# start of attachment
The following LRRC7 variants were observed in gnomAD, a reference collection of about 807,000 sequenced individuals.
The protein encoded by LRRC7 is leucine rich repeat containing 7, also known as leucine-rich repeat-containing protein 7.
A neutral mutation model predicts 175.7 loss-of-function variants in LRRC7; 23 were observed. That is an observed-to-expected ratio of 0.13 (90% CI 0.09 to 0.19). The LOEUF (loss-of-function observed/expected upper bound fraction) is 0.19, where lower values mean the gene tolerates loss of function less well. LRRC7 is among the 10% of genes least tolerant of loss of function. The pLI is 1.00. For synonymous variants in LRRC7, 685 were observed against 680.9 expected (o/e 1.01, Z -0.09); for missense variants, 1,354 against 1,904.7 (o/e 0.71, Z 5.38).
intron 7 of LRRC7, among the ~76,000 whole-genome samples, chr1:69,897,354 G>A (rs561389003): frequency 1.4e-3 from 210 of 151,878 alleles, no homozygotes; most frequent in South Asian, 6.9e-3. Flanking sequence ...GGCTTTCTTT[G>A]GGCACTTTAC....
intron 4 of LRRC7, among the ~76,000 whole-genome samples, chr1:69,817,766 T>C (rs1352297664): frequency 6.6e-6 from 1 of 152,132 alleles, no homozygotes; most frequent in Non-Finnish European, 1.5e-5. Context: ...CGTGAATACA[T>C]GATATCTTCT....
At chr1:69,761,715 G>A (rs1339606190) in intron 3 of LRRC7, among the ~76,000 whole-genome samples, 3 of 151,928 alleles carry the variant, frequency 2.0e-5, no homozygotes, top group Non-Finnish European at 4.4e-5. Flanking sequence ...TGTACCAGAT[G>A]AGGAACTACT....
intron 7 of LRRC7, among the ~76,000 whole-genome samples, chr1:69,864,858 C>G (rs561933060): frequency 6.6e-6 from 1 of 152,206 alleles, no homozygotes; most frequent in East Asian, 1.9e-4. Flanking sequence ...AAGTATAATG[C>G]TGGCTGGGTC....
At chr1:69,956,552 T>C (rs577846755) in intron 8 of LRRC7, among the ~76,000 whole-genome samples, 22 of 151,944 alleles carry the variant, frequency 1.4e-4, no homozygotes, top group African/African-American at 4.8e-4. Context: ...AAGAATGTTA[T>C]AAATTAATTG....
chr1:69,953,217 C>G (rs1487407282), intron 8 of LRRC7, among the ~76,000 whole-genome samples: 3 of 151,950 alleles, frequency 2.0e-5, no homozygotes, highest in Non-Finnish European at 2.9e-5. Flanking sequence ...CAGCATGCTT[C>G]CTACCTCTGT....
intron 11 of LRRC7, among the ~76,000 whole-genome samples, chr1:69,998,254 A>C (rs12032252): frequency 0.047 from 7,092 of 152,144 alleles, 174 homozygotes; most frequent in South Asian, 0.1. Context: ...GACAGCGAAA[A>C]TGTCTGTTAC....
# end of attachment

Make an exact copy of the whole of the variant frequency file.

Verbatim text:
The following LRRC7 variants were observed in gnomAD, a reference collection of about 807,000 sequenced individuals.
The protein encoded by LRRC7 is leucine rich repeat containing 7, also known as leucine-rich repeat-containing protein 7.
A neutral mutation model predicts 175.7 loss-of-function variants in LRRC7; 23 were observed. That is an observed-to-expected ratio of 0.13 (90% CI 0.09 to 0.19). The LOEUF (loss-of-function observed/expected upper bound fraction) is 0.19, where lower values mean the gene tolerates loss of function less well. LRRC7 is among the 10% of genes least tolerant of loss of function. The pLI is 1.00. For synonymous variants in LRRC7, 685 were observed against 680.9 expected (o/e 1.01, Z -0.09); for missense variants, 1,354 against 1,904.7 (o/e 0.71, Z 5.38).
intron 7 of LRRC7, among the ~76,000 whole-genome samples, chr1:69,897,354 G>A (rs561389003): frequency 1.4e-3 from 210 of 151,878 alleles, no homozygotes; most frequent in South Asian, 6.9e-3. Flanking sequence ...GGCTTTCTTT[G>A]GGCACTTTAC....
intron 4 of LRRC7, among the ~76,000 whole-genome samples, chr1:69,817,766 T>C (rs1352297664): frequency 6.6e-6 from 1 of 152,132 alleles, no homozygotes; most frequent in Non-Finnish European, 1.5e-5. Context: ...CGTGAATACA[T>C]GATATCTTCT....
At chr1:69,761,715 G>A (rs1339606190) in intron 3 of LRRC7, among the ~76,000 whole-genome samples, 3 of 151,928 alleles carry the variant, frequency 2.0e-5, no homozygotes, top group Non-Finnish European at 4.4e-5. Flanking sequence ...TGTACCAGAT[G>A]AGGAACTACT....
intron 7 of LRRC7, among the ~76,000 whole-genome samples, chr1:69,864,858 C>G (rs561933060): frequency 6.6e-6 from 1 of 152,206 alleles, no homozygotes; most frequent in East Asian, 1.9e-4. Flanking sequence ...AAGTATAATG[C>G]TGGCTGGGTC....
At chr1:69,956,552 T>C (rs577846755) in intron 8 of LRRC7, among the ~76,000 whole-genome samples, 22 of 151,944 alleles carry the variant, frequency 1.4e-4, no homozygotes, top group African/African-American at 4.8e-4. Context: ...AAGAATGTTA[T>C]AAATTAATTG....
chr1:69,953,217 C>G (rs1487407282), intron 8 of LRRC7, among the ~76,000 whole-genome samples: 3 of 151,950 alleles, frequency 2.0e-5, no homozygotes, highest in Non-Finnish European at 2.9e-5. Flanking sequence ...CAGCATGCTT[C>G]CTACCTCTGT....
intron 11 of LRRC7, among the ~76,000 whole-genome samples, chr1:69,998,254 A>C (rs12032252): frequency 0.047 from 7,092 of 152,144 alleles, 174 homozygotes; most frequent in South Asian, 0.1. Context: ...GACAGCGAAA[A>C]TGTCTGTTAC....